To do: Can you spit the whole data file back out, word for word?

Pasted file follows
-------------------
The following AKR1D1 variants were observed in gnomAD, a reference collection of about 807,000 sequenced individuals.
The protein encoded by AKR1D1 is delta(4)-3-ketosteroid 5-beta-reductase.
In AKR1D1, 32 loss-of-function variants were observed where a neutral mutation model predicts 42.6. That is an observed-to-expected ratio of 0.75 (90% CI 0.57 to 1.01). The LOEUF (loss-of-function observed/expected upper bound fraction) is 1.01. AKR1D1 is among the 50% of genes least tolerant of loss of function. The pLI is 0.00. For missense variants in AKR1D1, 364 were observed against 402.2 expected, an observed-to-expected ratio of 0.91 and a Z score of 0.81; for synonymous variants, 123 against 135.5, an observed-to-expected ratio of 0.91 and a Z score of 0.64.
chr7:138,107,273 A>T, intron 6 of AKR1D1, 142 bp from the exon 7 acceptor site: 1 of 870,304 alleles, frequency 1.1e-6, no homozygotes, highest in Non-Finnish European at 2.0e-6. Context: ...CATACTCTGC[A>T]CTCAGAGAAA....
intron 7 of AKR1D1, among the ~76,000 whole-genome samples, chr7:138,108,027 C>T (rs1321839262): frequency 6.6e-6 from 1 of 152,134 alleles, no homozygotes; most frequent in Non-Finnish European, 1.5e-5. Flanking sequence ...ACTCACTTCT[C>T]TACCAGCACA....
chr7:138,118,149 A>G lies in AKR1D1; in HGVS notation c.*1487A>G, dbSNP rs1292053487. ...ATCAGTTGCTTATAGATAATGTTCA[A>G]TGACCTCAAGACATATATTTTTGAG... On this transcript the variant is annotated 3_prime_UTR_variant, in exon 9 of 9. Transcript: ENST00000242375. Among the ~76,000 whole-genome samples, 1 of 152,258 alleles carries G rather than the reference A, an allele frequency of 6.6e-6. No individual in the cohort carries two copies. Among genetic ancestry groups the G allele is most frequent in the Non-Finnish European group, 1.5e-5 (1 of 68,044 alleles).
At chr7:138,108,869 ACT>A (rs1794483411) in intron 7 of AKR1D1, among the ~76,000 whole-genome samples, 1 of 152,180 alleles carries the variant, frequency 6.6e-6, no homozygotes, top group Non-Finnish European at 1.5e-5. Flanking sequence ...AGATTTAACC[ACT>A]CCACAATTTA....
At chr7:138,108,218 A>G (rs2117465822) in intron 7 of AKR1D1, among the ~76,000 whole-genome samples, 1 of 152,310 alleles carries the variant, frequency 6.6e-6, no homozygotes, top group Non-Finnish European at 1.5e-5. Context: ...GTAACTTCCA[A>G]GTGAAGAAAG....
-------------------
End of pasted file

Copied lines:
The following AKR1D1 variants were observed in gnomAD, a reference collection of about 807,000 sequenced individuals.
The protein encoded by AKR1D1 is delta(4)-3-ketosteroid 5-beta-reductase.
In AKR1D1, 32 loss-of-function variants were observed where a neutral mutation model predicts 42.6. That is an observed-to-expected ratio of 0.75 (90% CI 0.57 to 1.01). The LOEUF (loss-of-function observed/expected upper bound fraction) is 1.01. AKR1D1 is among the 50% of genes least tolerant of loss of function. The pLI is 0.00. For missense variants in AKR1D1, 364 were observed against 402.2 expected, an observed-to-expected ratio of 0.91 and a Z score of 0.81; for synonymous variants, 123 against 135.5, an observed-to-expected ratio of 0.91 and a Z score of 0.64.
chr7:138,107,273 A>T, intron 6 of AKR1D1, 142 bp from the exon 7 acceptor site: 1 of 870,304 alleles, frequency 1.1e-6, no homozygotes, highest in Non-Finnish European at 2.0e-6. Context: ...CATACTCTGC[A>T]CTCAGAGAAA....
intron 7 of AKR1D1, among the ~76,000 whole-genome samples, chr7:138,108,027 C>T (rs1321839262): frequency 6.6e-6 from 1 of 152,134 alleles, no homozygotes; most frequent in Non-Finnish European, 1.5e-5. Flanking sequence ...ACTCACTTCT[C>T]TACCAGCACA....
chr7:138,118,149 A>G lies in AKR1D1; in HGVS notation c.*1487A>G, dbSNP rs1292053487. ...ATCAGTTGCTTATAGATAATGTTCA[A>G]TGACCTCAAGACATATATTTTTGAG... On this transcript the variant is annotated 3_prime_UTR_variant, in exon 9 of 9. Transcript: ENST00000242375. Among the ~76,000 whole-genome samples, 1 of 152,258 alleles carries G rather than the reference A, an allele frequency of 6.6e-6. No individual in the cohort carries two copies. Among genetic ancestry groups the G allele is most frequent in the Non-Finnish European group, 1.5e-5 (1 of 68,044 alleles).
At chr7:138,108,869 ACT>A (rs1794483411) in intron 7 of AKR1D1, among the ~76,000 whole-genome samples, 1 of 152,180 alleles carries the variant, frequency 6.6e-6, no homozygotes, top group Non-Finnish European at 1.5e-5. Flanking sequence ...AGATTTAACC[ACT>A]CCACAATTTA....
At chr7:138,108,218 A>G (rs2117465822) in intron 7 of AKR1D1, among the ~76,000 whole-genome samples, 1 of 152,310 alleles carries the variant, frequency 6.6e-6, no homozygotes, top group Non-Finnish European at 1.5e-5. Context: ...GTAACTTCCA[A>G]GTGAAGAAAG....